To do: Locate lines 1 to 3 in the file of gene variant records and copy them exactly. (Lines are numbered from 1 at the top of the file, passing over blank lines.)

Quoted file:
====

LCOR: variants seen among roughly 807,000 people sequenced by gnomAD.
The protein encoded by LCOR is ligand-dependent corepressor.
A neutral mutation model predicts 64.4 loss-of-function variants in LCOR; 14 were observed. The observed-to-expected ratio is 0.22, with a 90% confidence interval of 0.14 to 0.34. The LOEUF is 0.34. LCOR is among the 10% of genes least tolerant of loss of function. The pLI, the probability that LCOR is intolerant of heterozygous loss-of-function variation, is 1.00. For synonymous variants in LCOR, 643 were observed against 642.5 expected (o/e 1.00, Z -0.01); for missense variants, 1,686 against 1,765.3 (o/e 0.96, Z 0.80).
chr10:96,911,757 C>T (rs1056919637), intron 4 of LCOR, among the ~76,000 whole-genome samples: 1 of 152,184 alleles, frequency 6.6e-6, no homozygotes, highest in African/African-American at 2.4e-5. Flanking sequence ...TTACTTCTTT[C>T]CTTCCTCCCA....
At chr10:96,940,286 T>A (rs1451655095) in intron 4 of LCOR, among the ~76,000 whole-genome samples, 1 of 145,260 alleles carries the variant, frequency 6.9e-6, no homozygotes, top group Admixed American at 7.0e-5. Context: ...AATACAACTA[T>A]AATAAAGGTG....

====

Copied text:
LCOR: variants seen among roughly 807,000 people sequenced by gnomAD.
The protein encoded by LCOR is ligand-dependent corepressor.
A neutral mutation model predicts 64.4 loss-of-function variants in LCOR; 14 were observed. The observed-to-expected ratio is 0.22, with a 90% confidence interval of 0.14 to 0.34. The LOEUF is 0.34. LCOR is among the 10% of genes least tolerant of loss of function. The pLI, the probability that LCOR is intolerant of heterozygous loss-of-function variation, is 1.00. For synonymous variants in LCOR, 643 were observed against 642.5 expected (o/e 1.00, Z -0.01); for missense variants, 1,686 against 1,765.3 (o/e 0.96, Z 0.80).